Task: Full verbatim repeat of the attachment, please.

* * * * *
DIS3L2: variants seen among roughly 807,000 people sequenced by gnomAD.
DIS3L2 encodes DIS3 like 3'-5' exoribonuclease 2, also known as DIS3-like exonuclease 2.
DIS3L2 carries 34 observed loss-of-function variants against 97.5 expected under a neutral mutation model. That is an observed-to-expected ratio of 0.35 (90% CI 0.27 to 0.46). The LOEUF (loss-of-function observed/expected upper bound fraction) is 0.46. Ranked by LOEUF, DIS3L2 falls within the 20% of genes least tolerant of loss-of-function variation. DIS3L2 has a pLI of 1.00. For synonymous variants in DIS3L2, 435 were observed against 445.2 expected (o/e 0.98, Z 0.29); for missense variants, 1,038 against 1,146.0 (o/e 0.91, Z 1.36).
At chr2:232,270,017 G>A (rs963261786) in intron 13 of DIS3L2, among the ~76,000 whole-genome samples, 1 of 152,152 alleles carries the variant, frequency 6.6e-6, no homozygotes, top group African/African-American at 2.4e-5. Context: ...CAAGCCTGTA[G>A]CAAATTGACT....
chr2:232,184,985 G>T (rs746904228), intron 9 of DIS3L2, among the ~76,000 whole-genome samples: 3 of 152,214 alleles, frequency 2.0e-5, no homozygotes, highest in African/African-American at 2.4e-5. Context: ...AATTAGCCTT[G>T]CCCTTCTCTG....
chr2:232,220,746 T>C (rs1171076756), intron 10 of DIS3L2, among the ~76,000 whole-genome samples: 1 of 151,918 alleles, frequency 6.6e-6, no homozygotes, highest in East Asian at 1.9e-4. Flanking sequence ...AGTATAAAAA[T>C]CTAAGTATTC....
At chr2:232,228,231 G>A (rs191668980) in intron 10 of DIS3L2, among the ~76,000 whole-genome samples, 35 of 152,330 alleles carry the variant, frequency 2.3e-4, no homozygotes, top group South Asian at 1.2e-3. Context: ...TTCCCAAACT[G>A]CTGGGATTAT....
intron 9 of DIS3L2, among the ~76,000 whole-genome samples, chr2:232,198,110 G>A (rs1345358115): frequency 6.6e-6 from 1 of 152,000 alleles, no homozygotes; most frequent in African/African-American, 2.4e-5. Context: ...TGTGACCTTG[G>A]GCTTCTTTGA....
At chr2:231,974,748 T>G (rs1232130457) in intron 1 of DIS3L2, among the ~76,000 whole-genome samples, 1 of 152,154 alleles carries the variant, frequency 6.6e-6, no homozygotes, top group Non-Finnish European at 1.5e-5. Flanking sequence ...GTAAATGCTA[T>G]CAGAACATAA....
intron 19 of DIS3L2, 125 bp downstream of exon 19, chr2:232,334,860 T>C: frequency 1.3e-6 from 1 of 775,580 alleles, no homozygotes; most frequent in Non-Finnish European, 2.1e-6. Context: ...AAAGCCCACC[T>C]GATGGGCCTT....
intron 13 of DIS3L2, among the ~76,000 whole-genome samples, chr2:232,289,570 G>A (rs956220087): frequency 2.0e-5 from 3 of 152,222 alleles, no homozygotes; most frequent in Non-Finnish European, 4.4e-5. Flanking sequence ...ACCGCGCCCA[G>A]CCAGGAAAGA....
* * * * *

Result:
DIS3L2: variants seen among roughly 807,000 people sequenced by gnomAD.
DIS3L2 encodes DIS3 like 3'-5' exoribonuclease 2, also known as DIS3-like exonuclease 2.
DIS3L2 carries 34 observed loss-of-function variants against 97.5 expected under a neutral mutation model. That is an observed-to-expected ratio of 0.35 (90% CI 0.27 to 0.46). The LOEUF (loss-of-function observed/expected upper bound fraction) is 0.46. Ranked by LOEUF, DIS3L2 falls within the 20% of genes least tolerant of loss-of-function variation. DIS3L2 has a pLI of 1.00. For synonymous variants in DIS3L2, 435 were observed against 445.2 expected (o/e 0.98, Z 0.29); for missense variants, 1,038 against 1,146.0 (o/e 0.91, Z 1.36).
At chr2:232,270,017 G>A (rs963261786) in intron 13 of DIS3L2, among the ~76,000 whole-genome samples, 1 of 152,152 alleles carries the variant, frequency 6.6e-6, no homozygotes, top group African/African-American at 2.4e-5. Context: ...CAAGCCTGTA[G>A]CAAATTGACT....
chr2:232,184,985 G>T (rs746904228), intron 9 of DIS3L2, among the ~76,000 whole-genome samples: 3 of 152,214 alleles, frequency 2.0e-5, no homozygotes, highest in African/African-American at 2.4e-5. Context: ...AATTAGCCTT[G>T]CCCTTCTCTG....
chr2:232,220,746 T>C (rs1171076756), intron 10 of DIS3L2, among the ~76,000 whole-genome samples: 1 of 151,918 alleles, frequency 6.6e-6, no homozygotes, highest in East Asian at 1.9e-4. Flanking sequence ...AGTATAAAAA[T>C]CTAAGTATTC....
At chr2:232,228,231 G>A (rs191668980) in intron 10 of DIS3L2, among the ~76,000 whole-genome samples, 35 of 152,330 alleles carry the variant, frequency 2.3e-4, no homozygotes, top group South Asian at 1.2e-3. Context: ...TTCCCAAACT[G>A]CTGGGATTAT....
intron 9 of DIS3L2, among the ~76,000 whole-genome samples, chr2:232,198,110 G>A (rs1345358115): frequency 6.6e-6 from 1 of 152,000 alleles, no homozygotes; most frequent in African/African-American, 2.4e-5. Context: ...TGTGACCTTG[G>A]GCTTCTTTGA....
At chr2:231,974,748 T>G (rs1232130457) in intron 1 of DIS3L2, among the ~76,000 whole-genome samples, 1 of 152,154 alleles carries the variant, frequency 6.6e-6, no homozygotes, top group Non-Finnish European at 1.5e-5. Flanking sequence ...GTAAATGCTA[T>G]CAGAACATAA....
intron 19 of DIS3L2, 125 bp downstream of exon 19, chr2:232,334,860 T>C: frequency 1.3e-6 from 1 of 775,580 alleles, no homozygotes; most frequent in Non-Finnish European, 2.1e-6. Context: ...AAAGCCCACC[T>C]GATGGGCCTT....
intron 13 of DIS3L2, among the ~76,000 whole-genome samples, chr2:232,289,570 G>A (rs956220087): frequency 2.0e-5 from 3 of 152,222 alleles, no homozygotes; most frequent in Non-Finnish European, 4.4e-5. Flanking sequence ...ACCGCGCCCA[G>A]CCAGGAAAGA....